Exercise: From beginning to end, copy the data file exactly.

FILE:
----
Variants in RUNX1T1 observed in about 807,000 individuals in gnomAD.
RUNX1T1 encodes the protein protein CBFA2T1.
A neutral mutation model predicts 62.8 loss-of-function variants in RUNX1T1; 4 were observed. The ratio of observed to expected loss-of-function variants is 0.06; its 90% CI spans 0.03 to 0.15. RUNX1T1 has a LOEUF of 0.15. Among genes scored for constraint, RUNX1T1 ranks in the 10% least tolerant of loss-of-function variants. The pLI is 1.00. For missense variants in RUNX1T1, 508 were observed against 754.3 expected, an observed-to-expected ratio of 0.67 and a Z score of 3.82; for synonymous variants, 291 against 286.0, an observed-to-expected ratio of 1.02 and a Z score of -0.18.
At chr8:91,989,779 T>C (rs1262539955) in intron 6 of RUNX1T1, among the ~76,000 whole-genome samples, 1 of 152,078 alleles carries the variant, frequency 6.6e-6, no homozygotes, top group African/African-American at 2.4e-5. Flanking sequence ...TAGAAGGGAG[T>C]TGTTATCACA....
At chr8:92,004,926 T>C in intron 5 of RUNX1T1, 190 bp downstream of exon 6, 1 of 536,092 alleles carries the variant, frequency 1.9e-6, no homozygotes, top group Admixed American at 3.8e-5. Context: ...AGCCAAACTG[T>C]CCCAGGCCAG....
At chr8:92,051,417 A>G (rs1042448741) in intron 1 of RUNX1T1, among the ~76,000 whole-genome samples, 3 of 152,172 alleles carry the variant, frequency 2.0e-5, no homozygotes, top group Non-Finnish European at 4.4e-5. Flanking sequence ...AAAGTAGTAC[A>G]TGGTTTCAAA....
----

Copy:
Variants in RUNX1T1 observed in about 807,000 individuals in gnomAD.
RUNX1T1 encodes the protein protein CBFA2T1.
A neutral mutation model predicts 62.8 loss-of-function variants in RUNX1T1; 4 were observed. The ratio of observed to expected loss-of-function variants is 0.06; its 90% CI spans 0.03 to 0.15. RUNX1T1 has a LOEUF of 0.15. Among genes scored for constraint, RUNX1T1 ranks in the 10% least tolerant of loss-of-function variants. The pLI is 1.00. For missense variants in RUNX1T1, 508 were observed against 754.3 expected, an observed-to-expected ratio of 0.67 and a Z score of 3.82; for synonymous variants, 291 against 286.0, an observed-to-expected ratio of 1.02 and a Z score of -0.18.
At chr8:91,989,779 T>C (rs1262539955) in intron 6 of RUNX1T1, among the ~76,000 whole-genome samples, 1 of 152,078 alleles carries the variant, frequency 6.6e-6, no homozygotes, top group African/African-American at 2.4e-5. Flanking sequence ...TAGAAGGGAG[T>C]TGTTATCACA....
At chr8:92,004,926 T>C in intron 5 of RUNX1T1, 190 bp downstream of exon 6, 1 of 536,092 alleles carries the variant, frequency 1.9e-6, no homozygotes, top group Admixed American at 3.8e-5. Context: ...AGCCAAACTG[T>C]CCCAGGCCAG....
At chr8:92,051,417 A>G (rs1042448741) in intron 1 of RUNX1T1, among the ~76,000 whole-genome samples, 3 of 152,172 alleles carry the variant, frequency 2.0e-5, no homozygotes, top group Non-Finnish European at 4.4e-5. Flanking sequence ...AAAGTAGTAC[A>G]TGGTTTCAAA....